Most ski tours start at the bottom of the mountain and you skin up, but of course you can take a lift up the mountain and skin more horizontally across to some terrain you can't access by lift or easily by hiking. Obviously, safety remains the number one priority in finding your route.

    The best Ski Touring Regions in Austria

    Most Austrian ski resorts are brilliantly equipped for first-time ski tourers.


    Grossarl in Salzburgerland has a particular reputation for ski touring, with numerous routes to choose from. Many focus on the valley's best-known mountain, the Kreuzkogel, but that leaves the surrounding mountains significantly quieter and more peaceful. A local association known as Berg-Gesund ("mountain health") offers beginner taster sessions in ski touring and even several tours free of charge every week – the only requirement to participate is that you are staying overnight in one of more than 100 participating hotels, apartments, or farmhouses in the resort. The sample tours include advice and practice on using your shovel, probe, and transponder correctly. All the ski-touring equipment you need can be rented from sports shops in Grossarl and if you get hooked the tourist office sells a 44-page ski-touring guide describing the 17 most beautiful tours in the valley.

    Learn more
     / Ski Amade


    Ischgl in the Tirol region has about 15 ski touring routes for all abilities, but many first timers start with a route that is more downhill than uphill by using the resort's new Piz Val Grondabahn (means “peak of the great valley” and is situated exactly on the border of Switzerland and Austria) to get up the slopes before they start. This may sound a bit like cheating given all we've said, and you can of course skin all the way up if you like, but the benefit is you start high already so get a lot of the pleasure part for little of the hard part! The tour begins on the piste down to the Col Val Gronda at 2.752m where you head off-piste and descend south-west to a flat area. Now it is time to start skinning, but on a gentle gradient to a col before a descent westerly, then south-westerly to the hut. There are about 530 vertical metres of skiing over about 3.4km (2,11mi) and the trip usually takes only about 90 minutes, a good first experience.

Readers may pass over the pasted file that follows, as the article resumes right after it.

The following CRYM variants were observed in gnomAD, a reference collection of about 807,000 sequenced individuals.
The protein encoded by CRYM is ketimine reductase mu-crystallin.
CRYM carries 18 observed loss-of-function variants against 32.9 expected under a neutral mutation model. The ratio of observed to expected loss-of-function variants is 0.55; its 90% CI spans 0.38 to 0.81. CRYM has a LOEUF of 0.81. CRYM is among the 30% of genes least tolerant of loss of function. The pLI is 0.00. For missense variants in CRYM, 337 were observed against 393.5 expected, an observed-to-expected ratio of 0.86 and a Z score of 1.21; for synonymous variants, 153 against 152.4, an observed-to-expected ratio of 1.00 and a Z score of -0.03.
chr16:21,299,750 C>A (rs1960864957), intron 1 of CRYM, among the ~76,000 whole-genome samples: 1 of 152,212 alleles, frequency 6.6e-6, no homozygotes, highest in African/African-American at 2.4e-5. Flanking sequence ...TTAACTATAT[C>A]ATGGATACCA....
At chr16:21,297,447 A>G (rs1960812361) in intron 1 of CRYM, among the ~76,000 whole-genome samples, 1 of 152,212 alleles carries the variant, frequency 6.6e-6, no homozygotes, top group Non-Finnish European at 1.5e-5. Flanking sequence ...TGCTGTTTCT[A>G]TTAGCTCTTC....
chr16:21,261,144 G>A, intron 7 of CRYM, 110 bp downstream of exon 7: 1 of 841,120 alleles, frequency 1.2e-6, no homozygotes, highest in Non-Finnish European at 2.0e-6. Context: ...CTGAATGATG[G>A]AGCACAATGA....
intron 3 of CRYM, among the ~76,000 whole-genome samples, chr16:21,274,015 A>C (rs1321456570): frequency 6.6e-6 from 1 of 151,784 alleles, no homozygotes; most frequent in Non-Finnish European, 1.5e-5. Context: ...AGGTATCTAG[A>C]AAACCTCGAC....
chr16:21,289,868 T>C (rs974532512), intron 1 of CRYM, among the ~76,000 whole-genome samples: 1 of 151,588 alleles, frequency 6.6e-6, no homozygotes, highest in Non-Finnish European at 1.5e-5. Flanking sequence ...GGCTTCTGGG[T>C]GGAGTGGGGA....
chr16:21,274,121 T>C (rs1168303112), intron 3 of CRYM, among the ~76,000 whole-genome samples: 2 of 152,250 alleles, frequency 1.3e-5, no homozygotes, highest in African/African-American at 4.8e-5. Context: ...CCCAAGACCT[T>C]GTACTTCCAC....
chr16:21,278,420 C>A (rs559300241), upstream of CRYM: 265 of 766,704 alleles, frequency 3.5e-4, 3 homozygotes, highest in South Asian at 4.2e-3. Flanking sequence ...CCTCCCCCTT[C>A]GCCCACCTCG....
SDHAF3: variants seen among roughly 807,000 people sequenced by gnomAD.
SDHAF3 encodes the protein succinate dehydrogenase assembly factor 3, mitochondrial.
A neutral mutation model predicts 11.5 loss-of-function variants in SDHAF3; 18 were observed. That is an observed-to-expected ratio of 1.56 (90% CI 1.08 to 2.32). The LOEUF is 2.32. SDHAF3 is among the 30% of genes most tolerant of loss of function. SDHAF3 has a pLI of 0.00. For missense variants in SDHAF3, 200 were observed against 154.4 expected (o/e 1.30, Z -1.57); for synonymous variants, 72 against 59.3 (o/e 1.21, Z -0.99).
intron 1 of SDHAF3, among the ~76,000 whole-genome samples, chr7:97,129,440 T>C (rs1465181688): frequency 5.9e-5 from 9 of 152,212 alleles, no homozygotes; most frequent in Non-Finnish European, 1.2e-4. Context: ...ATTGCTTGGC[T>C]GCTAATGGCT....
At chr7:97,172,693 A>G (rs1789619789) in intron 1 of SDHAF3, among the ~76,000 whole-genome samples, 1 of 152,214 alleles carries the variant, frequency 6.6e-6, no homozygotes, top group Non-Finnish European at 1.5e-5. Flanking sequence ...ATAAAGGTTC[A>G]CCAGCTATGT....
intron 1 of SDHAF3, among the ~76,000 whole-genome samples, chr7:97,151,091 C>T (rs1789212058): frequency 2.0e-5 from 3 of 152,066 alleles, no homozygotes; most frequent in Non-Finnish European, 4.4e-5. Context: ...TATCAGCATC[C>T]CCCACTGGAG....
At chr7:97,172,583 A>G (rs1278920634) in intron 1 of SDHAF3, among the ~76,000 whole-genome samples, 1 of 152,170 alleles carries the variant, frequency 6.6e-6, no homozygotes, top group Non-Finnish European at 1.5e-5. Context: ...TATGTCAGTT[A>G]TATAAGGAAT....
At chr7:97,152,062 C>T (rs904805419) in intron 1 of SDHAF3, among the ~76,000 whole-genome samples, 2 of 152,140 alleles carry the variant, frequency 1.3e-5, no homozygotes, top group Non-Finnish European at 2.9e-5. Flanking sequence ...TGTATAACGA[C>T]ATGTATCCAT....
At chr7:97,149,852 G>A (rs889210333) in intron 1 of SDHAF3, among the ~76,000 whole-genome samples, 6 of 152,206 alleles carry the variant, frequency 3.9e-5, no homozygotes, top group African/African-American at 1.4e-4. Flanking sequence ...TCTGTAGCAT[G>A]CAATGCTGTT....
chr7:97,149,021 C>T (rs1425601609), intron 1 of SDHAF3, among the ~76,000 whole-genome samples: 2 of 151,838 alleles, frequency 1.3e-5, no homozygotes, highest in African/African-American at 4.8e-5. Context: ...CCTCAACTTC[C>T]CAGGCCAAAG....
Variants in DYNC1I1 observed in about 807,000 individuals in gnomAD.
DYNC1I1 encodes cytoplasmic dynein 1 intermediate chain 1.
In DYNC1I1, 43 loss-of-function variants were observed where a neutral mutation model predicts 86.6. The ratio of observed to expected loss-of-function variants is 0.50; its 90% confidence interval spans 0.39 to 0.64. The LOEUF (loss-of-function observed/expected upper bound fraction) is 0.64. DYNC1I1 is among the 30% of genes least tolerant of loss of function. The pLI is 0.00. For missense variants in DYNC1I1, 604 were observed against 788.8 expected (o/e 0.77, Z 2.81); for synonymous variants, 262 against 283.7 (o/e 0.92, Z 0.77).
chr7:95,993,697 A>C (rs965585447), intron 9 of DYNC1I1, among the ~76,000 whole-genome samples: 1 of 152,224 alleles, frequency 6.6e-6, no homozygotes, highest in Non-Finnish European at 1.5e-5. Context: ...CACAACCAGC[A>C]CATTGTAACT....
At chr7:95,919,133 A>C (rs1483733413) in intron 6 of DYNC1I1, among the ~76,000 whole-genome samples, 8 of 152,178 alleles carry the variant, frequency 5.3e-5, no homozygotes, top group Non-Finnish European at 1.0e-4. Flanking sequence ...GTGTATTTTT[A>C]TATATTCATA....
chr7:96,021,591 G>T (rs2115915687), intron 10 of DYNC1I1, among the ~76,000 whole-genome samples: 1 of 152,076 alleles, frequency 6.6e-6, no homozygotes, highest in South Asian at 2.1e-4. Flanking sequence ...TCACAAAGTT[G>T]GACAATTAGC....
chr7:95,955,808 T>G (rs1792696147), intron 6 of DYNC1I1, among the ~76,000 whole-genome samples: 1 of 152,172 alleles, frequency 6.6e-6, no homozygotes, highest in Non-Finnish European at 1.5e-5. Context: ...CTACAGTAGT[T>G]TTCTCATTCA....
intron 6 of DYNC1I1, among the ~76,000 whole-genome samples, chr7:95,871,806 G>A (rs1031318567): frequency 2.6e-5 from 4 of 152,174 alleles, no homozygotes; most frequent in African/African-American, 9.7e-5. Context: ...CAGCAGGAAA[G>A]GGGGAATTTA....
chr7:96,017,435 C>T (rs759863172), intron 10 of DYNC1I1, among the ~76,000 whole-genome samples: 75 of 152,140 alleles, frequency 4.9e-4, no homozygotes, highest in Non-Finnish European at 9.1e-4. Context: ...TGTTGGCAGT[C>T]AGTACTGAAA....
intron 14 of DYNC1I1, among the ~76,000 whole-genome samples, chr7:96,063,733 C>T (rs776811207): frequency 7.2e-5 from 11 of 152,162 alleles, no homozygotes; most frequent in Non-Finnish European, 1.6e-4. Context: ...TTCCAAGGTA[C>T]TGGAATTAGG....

Learn more
    Ski touring in Ischgl / Ischgl

    About the Author: Patrick Thorne

    Patrick Thorne has been writing about ski resorts for nearly 40 years. In the early 1990s he became the first person to locate every ski area on the planet, eventually over 6,500 places in 80 countries. He has visited more than 300, freeriding and ski touring at many of them. Patrick has written a dozen ski books including the best-selling "Powder", a guide to the world's 50 best ski runs. He has edited InTheSnow magazine and website for more than a decade and contributes to numerous other magazines, newspapers, and websites. Aware of the impact of climate change through personal experience, he set up in 2004, dedicated to reporting on the ski community's battle with rising temperatures. Patrick lives in the Highlands of Scotland on a croft with his own small hill where he can go on a mini ski tour or freeride when it snows.

    Patrick Thorne